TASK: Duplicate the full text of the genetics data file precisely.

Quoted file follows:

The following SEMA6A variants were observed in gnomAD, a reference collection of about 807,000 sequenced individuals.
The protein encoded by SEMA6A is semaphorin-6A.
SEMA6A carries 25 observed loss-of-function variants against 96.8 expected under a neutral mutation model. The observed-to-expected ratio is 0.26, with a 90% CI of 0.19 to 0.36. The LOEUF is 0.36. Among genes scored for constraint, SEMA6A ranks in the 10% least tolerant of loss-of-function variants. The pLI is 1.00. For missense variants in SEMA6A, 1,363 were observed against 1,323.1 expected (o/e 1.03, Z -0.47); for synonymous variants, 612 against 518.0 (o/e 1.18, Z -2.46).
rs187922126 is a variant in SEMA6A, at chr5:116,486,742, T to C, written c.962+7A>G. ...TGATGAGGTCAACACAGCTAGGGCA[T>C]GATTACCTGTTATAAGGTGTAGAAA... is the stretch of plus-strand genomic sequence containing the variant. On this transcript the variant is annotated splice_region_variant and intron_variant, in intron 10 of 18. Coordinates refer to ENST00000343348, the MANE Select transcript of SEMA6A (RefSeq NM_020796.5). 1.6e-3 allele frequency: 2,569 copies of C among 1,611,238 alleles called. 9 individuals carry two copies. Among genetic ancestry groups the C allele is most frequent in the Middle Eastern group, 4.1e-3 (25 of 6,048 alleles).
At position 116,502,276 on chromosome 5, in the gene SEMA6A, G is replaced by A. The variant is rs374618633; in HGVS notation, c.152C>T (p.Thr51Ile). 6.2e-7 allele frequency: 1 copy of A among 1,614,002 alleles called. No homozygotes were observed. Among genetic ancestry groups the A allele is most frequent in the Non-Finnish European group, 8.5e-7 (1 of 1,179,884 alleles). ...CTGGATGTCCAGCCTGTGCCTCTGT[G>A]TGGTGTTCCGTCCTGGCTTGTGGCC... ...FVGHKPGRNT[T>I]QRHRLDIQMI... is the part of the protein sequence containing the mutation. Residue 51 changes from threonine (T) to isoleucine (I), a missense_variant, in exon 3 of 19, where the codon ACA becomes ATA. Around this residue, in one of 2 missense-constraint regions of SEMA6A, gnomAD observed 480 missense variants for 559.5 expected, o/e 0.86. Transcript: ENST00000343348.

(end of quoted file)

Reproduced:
The following SEMA6A variants were observed in gnomAD, a reference collection of about 807,000 sequenced individuals.
The protein encoded by SEMA6A is semaphorin-6A.
SEMA6A carries 25 observed loss-of-function variants against 96.8 expected under a neutral mutation model. The observed-to-expected ratio is 0.26, with a 90% CI of 0.19 to 0.36. The LOEUF is 0.36. Among genes scored for constraint, SEMA6A ranks in the 10% least tolerant of loss-of-function variants. The pLI is 1.00. For missense variants in SEMA6A, 1,363 were observed against 1,323.1 expected (o/e 1.03, Z -0.47); for synonymous variants, 612 against 518.0 (o/e 1.18, Z -2.46).
rs187922126 is a variant in SEMA6A, at chr5:116,486,742, T to C, written c.962+7A>G. ...TGATGAGGTCAACACAGCTAGGGCA[T>C]GATTACCTGTTATAAGGTGTAGAAA... is the stretch of plus-strand genomic sequence containing the variant. On this transcript the variant is annotated splice_region_variant and intron_variant, in intron 10 of 18. Coordinates refer to ENST00000343348, the MANE Select transcript of SEMA6A (RefSeq NM_020796.5). 1.6e-3 allele frequency: 2,569 copies of C among 1,611,238 alleles called. 9 individuals carry two copies. Among genetic ancestry groups the C allele is most frequent in the Middle Eastern group, 4.1e-3 (25 of 6,048 alleles).
At position 116,502,276 on chromosome 5, in the gene SEMA6A, G is replaced by A. The variant is rs374618633; in HGVS notation, c.152C>T (p.Thr51Ile). 6.2e-7 allele frequency: 1 copy of A among 1,614,002 alleles called. No homozygotes were observed. Among genetic ancestry groups the A allele is most frequent in the Non-Finnish European group, 8.5e-7 (1 of 1,179,884 alleles). ...CTGGATGTCCAGCCTGTGCCTCTGT[G>A]TGGTGTTCCGTCCTGGCTTGTGGCC... ...FVGHKPGRNT[T>I]QRHRLDIQMI... is the part of the protein sequence containing the mutation. Residue 51 changes from threonine (T) to isoleucine (I), a missense_variant, in exon 3 of 19, where the codon ACA becomes ATA. Around this residue, in one of 2 missense-constraint regions of SEMA6A, gnomAD observed 480 missense variants for 559.5 expected, o/e 0.86. Transcript: ENST00000343348.